Islands – Monsters from the Abyss – Trinidad

I didn’t know much about leatherback turtles before I arrived in Trinidad. In fact our filming schedule was so crammed that I hadn’t given them much thought at all until I actually saw one. Our plan was to use infrared cameras and lights to film the turtles leaving the sea, climbing the beach and nesting, in a way that we would create as little disturbance as possible. The down side of course is that, on a dark moonless night without infrared goggles (we didn’t have them), you don’t really see a turtle until you trip over it. It’s only when you trip over your first turtle that you realize how absolutely massive and immovable these animals are.

Leatherback Turtle Trinidad
  Infrared Leatherback Turtle, Trinidad. © Richard Kirby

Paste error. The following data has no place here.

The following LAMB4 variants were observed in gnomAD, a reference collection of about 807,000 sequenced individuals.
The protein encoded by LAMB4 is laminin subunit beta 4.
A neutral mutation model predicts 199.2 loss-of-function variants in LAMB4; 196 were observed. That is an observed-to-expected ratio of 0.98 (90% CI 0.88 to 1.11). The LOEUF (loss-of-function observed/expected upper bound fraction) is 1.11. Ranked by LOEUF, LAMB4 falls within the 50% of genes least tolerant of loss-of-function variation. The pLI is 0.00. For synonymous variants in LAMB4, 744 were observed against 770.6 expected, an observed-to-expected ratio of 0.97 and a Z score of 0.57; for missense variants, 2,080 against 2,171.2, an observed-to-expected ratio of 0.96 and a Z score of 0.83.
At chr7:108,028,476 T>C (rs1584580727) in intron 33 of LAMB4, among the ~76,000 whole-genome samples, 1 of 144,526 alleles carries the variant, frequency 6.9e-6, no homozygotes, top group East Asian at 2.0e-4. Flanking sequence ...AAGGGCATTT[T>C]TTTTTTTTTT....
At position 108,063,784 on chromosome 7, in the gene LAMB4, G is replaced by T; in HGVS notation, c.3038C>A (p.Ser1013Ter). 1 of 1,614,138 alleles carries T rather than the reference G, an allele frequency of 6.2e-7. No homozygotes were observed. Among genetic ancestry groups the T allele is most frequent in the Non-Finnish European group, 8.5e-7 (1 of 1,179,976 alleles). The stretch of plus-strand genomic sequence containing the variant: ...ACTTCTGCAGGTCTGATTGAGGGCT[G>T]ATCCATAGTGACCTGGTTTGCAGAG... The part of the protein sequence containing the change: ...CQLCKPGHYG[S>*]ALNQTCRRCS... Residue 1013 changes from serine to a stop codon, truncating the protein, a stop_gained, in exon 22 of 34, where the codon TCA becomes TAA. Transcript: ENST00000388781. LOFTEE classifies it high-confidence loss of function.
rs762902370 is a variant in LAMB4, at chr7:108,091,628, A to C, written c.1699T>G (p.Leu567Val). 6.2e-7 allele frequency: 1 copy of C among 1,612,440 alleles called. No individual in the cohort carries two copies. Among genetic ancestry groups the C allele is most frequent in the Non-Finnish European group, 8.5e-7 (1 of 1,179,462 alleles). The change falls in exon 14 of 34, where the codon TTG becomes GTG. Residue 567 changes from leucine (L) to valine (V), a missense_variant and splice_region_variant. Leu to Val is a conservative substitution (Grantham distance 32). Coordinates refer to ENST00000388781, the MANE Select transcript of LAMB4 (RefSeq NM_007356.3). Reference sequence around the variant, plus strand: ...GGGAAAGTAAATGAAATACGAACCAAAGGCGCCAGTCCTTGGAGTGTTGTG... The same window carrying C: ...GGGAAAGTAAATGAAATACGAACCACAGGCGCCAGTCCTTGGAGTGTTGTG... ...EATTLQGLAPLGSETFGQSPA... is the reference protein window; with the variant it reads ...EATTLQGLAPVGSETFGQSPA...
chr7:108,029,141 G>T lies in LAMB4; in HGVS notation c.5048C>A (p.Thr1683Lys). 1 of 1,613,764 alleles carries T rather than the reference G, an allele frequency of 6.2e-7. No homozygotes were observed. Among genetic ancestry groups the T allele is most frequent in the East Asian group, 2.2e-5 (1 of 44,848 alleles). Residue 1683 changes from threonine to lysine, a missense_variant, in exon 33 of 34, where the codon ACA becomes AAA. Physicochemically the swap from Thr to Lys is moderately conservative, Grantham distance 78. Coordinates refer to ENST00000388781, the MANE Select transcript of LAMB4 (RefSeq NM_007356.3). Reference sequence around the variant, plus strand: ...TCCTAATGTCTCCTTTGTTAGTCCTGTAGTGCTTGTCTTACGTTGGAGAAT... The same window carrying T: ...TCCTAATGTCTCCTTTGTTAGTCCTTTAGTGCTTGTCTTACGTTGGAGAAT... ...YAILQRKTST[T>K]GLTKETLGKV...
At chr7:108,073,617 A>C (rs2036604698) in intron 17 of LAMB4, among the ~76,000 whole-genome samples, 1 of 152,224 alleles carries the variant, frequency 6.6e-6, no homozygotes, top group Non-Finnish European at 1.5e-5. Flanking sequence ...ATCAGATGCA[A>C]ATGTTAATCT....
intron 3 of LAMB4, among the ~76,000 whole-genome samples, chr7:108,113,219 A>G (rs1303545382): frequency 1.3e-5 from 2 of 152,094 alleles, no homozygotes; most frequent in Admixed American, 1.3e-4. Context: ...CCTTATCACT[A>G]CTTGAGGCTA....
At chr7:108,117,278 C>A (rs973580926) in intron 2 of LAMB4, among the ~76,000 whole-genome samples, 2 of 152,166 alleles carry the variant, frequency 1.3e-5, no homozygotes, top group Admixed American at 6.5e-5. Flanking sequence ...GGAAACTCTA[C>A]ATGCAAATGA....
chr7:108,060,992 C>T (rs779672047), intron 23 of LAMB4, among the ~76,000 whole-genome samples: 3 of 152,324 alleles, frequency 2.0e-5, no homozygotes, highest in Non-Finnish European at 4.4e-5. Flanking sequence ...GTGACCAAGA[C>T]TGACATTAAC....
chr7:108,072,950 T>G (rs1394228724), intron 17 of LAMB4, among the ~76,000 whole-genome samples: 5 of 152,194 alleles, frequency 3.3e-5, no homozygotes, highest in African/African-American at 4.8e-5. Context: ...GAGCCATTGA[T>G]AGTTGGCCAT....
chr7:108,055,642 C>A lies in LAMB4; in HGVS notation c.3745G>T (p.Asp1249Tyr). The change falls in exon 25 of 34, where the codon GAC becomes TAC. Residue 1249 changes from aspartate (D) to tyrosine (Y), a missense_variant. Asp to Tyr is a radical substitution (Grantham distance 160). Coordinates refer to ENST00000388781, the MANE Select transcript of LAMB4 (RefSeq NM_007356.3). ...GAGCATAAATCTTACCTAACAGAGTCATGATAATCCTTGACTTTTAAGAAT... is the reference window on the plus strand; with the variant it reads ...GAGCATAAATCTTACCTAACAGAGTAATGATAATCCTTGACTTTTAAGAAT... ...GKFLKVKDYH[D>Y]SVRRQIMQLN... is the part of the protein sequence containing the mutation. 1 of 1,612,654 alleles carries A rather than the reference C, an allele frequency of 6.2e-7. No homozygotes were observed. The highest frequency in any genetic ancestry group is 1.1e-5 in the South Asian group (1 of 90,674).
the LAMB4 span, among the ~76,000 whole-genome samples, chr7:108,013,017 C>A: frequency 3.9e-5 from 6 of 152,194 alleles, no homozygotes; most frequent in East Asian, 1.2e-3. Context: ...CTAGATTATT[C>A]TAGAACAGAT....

Some of the things I learned about leatherbacks: •    They can dive to more than 1000m in search of their jellyfish prey. •    They have flexible shells to cope with high pressure at extreme depths. •    They have collapsible lungs so they don’t get the bends •    A large capacity to store oxygen in muscle and lungs and a slow heart rate which are all adaptations for deep diving. •    They migrate the length of the Gulf stream even as far as Scotland in search of lion’s mane jellyfish, their favourite food. •    The span of their front flippers averages 3m •    Their average adult weight is 350kg •    They live for 35-40 years. •    They have a brain the size of a pea. •    The have one of the ugliest faces of any animal to have inhabited our planet (see photo). On one beach on one night, so many turtles were coming ashore they were digging up each others nests and scattering eggs all over the place which is sad and wasteful but with a pea-sized brain what can you expect? Us humans have a really massive brain and still we’re managing to destroy a whole planet! One other thing I learned about leatherbacks was not to lie next to one when it’s wielding it’s front flippers to shovel sand over the newly laid eggs. It’s like being slapped with giant rubber kosh! Seriously, this thing could easily knock you out! In the darkness I followed a turtle as it hauled itself back to the water. The first wave exploded over its massive bulk and a few seconds later this primeval  monster disappeared back into the inky vastness of the ocean. There, it would roam the depths and travel on ocean currents for another year before it returned to this same beach to nest again.  I was totally awed by the mysterious life this animal leads and the more I think about it, the more I realize how good it is that we humans don’t know everything about everything. I reckon mysteries are good for the human soul.

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